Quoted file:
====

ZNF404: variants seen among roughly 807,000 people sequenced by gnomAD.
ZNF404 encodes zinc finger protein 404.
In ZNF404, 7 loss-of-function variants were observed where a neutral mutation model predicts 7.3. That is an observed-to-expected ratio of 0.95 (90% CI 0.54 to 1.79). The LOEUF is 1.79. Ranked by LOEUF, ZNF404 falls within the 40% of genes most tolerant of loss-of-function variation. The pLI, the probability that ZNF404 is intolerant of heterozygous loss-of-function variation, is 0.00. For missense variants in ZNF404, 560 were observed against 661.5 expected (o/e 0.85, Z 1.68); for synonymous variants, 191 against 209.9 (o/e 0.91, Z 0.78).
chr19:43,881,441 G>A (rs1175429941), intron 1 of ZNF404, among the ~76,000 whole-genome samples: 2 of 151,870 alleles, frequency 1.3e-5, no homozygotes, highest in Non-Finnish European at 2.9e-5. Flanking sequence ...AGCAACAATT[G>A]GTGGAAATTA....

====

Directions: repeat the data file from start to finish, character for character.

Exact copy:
ZNF404: variants seen among roughly 807,000 people sequenced by gnomAD.
ZNF404 encodes zinc finger protein 404.
In ZNF404, 7 loss-of-function variants were observed where a neutral mutation model predicts 7.3. That is an observed-to-expected ratio of 0.95 (90% CI 0.54 to 1.79). The LOEUF is 1.79. Ranked by LOEUF, ZNF404 falls within the 40% of genes most tolerant of loss-of-function variation. The pLI, the probability that ZNF404 is intolerant of heterozygous loss-of-function variation, is 0.00. For missense variants in ZNF404, 560 were observed against 661.5 expected (o/e 0.85, Z 1.68); for synonymous variants, 191 against 209.9 (o/e 0.91, Z 0.78).
chr19:43,881,441 G>A (rs1175429941), intron 1 of ZNF404, among the ~76,000 whole-genome samples: 2 of 151,870 alleles, frequency 1.3e-5, no homozygotes, highest in Non-Finnish European at 2.9e-5. Flanking sequence ...AGCAACAATT[G>A]GTGGAAATTA....